In his speech celebrating the E Street Band's induction into the Rock and Roll Hall of Fame in April, bandleader Bruce Springsteen said something striking: "Real bands are made primarily from the neighborhood. From a real time and real place that exists for a little while, then changes and is gone forever. They’re made from the same circumstances, the same needs, the same hungers, culture."
In 2014, Springsteen's comment sounds like an anachronism. The Internet has been widely blamed for killing local music scenes, and there's much discussion about how rising rent prices in cities like New York and San Francisco are driving artists away from once-thriving, creative neighborhoods.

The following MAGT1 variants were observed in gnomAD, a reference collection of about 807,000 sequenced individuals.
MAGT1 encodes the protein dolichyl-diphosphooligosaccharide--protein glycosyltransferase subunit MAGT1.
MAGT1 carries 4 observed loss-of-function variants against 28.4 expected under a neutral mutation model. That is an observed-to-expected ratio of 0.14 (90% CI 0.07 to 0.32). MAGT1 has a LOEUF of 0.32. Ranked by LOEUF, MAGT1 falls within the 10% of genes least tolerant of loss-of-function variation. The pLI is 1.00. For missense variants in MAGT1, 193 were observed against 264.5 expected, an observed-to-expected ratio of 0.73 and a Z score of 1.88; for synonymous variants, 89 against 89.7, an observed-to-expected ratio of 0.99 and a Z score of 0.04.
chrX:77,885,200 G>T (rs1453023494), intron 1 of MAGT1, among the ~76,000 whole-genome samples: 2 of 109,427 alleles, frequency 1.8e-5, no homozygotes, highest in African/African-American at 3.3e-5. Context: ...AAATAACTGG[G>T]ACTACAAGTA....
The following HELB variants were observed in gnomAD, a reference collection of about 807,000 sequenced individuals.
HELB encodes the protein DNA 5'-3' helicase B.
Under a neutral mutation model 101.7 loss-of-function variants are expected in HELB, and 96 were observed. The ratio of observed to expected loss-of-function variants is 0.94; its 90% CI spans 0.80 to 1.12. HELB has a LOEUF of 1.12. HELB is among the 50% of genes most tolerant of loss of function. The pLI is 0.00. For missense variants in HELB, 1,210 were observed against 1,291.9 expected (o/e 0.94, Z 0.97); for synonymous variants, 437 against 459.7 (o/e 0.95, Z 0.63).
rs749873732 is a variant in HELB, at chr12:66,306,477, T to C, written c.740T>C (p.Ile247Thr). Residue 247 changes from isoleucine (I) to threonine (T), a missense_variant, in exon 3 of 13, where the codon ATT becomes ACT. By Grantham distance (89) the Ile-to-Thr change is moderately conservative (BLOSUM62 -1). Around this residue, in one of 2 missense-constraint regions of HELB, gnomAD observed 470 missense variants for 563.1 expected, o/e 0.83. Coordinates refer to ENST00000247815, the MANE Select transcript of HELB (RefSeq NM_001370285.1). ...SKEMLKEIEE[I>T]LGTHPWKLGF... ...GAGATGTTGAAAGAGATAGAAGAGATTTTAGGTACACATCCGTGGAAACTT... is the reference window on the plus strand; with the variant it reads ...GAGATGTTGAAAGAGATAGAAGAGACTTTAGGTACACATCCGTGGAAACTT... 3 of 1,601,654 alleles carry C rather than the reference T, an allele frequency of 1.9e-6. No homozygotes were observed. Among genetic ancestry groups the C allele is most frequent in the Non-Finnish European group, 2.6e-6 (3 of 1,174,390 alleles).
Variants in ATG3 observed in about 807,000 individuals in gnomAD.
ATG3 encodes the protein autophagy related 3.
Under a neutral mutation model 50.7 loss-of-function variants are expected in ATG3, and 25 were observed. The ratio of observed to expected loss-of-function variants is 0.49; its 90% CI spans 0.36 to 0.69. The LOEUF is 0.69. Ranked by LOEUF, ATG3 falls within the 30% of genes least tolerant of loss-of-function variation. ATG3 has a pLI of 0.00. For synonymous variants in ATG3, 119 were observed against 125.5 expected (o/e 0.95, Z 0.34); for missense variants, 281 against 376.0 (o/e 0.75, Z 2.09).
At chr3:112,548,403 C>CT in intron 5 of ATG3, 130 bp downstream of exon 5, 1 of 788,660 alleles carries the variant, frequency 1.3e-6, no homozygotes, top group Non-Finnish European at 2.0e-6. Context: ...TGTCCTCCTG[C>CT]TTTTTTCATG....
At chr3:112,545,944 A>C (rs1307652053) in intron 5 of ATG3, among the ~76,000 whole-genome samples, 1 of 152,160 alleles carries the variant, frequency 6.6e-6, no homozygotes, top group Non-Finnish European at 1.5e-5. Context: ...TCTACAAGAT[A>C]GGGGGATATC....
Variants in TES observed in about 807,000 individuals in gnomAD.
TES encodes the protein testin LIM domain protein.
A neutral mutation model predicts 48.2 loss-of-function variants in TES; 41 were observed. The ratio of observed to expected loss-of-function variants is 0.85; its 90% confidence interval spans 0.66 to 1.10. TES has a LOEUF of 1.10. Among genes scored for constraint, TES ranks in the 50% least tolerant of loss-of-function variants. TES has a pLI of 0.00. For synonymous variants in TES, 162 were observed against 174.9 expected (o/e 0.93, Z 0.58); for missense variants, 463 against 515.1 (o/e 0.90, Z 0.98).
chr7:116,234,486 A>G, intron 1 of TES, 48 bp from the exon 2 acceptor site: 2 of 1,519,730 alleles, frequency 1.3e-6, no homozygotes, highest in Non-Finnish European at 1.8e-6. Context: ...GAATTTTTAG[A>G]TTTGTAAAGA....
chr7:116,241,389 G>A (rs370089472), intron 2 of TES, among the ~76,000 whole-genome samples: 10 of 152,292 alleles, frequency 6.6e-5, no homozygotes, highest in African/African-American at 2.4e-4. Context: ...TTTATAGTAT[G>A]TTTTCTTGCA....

The E Street Band formed more than 40 years ago. And for every Bruce Springsteen in the world, there are countless not-famous musicians who start or join a band and then take on the difficult task of developing and maintaining it. Does this always happen organically, within a local music scene, among friends and acquaintances? No way.
I was lucky enough, in the ‘90s, to be at the center of a thriving local scene, where bands developed music naturally and haphazardly on a handful of local stages, nurtured by peers who were also in bands. Our local independent radio station gave as much airtime to our music as it did national and global acts. We rehearsed in living rooms, basements, garages, and warehouse spaces, and when we weren't performing, we attended one another's shows. Newspapers, magazines, and zines wrote stories about us. We signed with small record labels or started our own. We partied, danced, and helped each other get home at the end of the night, while wearing one another's band T-shirts. Through our shared times, we shared a common language and understanding.